ABC News quotes an analyst as saying that Rio Tinto had “a lot of its eggs in the iron basket” concerning business with China. Price negotiations carry on while the company’s chief negotiator for China, Stern Hu, and three more of its employees remain in custody in China after their arrest last year. The company’s chief executive Tom Albanese said in a statement that he was “deeply committed to developing our relationship with China”.

On the other hand, industries with smaller stakes in the Chinese market seem to have become more cautious in their approach to investment in the country. The European Union Chamber of Commerce in China (EUCCC) last year called on China to better define its “national interests” after the arrest of the Rio Tinto employees.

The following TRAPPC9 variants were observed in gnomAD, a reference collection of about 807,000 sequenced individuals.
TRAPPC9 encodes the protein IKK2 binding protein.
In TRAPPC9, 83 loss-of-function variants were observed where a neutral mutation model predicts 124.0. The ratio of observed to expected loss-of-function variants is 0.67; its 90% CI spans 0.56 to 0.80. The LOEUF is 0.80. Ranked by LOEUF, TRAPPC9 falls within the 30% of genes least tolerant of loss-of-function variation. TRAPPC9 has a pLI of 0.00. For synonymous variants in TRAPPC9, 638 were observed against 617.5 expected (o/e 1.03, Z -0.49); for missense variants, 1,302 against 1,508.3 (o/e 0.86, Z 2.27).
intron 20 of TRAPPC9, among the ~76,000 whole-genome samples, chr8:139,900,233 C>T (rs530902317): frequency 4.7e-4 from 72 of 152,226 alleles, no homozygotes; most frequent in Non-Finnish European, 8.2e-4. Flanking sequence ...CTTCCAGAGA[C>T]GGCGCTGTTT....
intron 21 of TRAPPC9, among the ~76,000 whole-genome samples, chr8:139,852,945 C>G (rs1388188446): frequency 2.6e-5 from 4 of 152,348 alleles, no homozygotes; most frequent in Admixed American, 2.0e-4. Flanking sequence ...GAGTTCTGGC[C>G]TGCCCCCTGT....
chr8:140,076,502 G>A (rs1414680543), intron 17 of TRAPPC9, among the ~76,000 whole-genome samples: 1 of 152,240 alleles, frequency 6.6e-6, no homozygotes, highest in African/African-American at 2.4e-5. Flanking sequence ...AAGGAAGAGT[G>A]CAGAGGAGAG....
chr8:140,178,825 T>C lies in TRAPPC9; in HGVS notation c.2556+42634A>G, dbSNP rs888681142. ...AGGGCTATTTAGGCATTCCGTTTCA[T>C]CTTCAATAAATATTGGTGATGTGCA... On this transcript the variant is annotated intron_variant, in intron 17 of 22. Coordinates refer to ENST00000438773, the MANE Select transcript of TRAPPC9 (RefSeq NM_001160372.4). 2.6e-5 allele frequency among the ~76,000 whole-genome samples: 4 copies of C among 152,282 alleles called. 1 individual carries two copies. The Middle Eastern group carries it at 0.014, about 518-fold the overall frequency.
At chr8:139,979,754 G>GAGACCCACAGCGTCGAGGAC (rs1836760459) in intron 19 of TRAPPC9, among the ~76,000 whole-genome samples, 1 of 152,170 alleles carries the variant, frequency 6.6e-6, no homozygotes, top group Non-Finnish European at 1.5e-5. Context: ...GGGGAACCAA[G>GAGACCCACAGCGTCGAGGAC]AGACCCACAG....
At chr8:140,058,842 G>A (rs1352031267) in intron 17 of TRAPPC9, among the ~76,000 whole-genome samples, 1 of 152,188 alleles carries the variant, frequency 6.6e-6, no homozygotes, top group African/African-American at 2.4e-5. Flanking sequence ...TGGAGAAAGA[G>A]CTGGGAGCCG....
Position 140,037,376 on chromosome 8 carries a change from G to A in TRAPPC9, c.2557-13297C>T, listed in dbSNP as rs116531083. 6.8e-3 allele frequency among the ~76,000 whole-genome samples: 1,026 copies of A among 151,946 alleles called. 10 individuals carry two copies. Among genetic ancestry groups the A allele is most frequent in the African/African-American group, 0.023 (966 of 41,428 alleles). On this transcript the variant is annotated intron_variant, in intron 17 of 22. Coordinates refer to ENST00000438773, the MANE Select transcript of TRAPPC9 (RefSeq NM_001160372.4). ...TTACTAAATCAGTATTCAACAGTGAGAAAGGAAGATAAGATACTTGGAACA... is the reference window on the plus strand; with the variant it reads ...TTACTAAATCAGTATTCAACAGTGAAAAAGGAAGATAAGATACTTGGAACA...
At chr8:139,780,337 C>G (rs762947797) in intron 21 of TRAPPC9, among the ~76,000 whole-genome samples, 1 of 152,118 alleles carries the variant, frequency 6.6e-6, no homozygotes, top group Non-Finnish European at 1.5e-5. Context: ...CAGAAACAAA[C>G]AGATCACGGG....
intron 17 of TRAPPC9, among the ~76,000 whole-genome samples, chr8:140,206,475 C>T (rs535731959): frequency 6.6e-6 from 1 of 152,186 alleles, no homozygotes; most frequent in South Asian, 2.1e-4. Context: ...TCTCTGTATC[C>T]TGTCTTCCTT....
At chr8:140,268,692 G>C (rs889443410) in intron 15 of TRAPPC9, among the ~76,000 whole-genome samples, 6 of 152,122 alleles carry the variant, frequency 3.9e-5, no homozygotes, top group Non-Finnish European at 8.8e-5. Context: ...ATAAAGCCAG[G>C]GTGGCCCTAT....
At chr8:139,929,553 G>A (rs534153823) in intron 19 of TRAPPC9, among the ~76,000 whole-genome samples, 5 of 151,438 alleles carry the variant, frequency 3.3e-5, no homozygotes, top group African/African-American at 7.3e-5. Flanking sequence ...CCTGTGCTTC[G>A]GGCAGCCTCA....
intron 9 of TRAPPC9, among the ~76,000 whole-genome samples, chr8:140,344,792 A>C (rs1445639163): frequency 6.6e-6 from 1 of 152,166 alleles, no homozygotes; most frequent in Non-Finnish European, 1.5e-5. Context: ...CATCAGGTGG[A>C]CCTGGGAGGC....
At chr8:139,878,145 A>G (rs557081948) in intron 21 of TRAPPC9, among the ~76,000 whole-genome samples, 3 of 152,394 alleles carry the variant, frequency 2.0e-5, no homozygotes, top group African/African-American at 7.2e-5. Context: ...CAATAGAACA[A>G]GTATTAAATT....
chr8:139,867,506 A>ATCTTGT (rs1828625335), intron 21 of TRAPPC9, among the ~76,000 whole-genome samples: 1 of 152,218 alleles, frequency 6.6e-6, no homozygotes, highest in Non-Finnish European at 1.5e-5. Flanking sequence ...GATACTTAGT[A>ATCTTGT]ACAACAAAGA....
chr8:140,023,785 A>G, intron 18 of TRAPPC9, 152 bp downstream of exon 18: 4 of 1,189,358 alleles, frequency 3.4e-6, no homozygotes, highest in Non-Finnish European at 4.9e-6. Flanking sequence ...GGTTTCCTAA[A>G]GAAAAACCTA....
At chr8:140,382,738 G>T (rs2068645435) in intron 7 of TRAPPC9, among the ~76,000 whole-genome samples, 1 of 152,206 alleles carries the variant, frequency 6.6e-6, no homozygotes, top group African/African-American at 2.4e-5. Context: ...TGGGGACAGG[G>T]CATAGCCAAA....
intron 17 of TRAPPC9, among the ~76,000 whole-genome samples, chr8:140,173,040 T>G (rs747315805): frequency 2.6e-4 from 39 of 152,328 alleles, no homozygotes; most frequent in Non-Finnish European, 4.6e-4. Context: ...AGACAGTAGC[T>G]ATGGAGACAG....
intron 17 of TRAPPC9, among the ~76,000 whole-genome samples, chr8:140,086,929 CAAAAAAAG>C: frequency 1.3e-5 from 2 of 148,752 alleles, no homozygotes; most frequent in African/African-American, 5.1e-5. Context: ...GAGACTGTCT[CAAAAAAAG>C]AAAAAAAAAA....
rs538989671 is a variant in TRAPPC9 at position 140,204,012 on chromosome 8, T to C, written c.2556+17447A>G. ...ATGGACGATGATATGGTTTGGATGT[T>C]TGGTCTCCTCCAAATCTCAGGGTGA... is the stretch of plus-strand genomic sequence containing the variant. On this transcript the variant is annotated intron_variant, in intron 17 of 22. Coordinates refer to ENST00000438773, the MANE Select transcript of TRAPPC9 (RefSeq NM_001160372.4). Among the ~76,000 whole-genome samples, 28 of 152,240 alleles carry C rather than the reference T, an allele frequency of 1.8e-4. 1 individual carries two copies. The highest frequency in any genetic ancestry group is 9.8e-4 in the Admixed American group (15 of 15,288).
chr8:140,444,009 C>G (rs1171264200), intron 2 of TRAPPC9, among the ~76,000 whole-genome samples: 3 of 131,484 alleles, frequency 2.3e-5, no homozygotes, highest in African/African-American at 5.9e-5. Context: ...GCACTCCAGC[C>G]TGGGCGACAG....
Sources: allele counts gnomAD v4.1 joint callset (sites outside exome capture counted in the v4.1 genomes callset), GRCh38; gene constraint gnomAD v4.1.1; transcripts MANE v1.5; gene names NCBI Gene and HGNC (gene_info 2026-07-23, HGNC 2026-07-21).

If Bauert fulfils the criteria of being an old “friend of China”, the Chinese side may be willing to be more forthcoming in coming rounds of price negotiations. They might feel a need to demonstrate that such a status pays.


China’s Steel Industry: The Grey Area, July 18, 2009
Chinalco, Rio Tinto: No Deal after All, June 5, 2009

Saturday, February 6, 2010

BJRB: Hegemonists should Harbor no Illusions

The following is a translation of an article by Wang Qing (王卿), originally written for Beijing Ribao, and published online by Tianjin’s Enorth website on Febr 6.

In the Face of International Interests, there is no Space for Illusions

As we are entering the new year, the originally warm Chinese-American relations have suffered “a current of cold air”, “clash”, “cold war” “struggle”, according to all these kinds of headlines. Indeed, the recent Chinese-American focus is on trade disputes, the administration of the internet, arms sales to Taiwan, meetings with the Dalai etc., launching an intensive game of attack and defense, leaving the impression on people that Chinese-American relations were heavily in trouble, and at a new low point.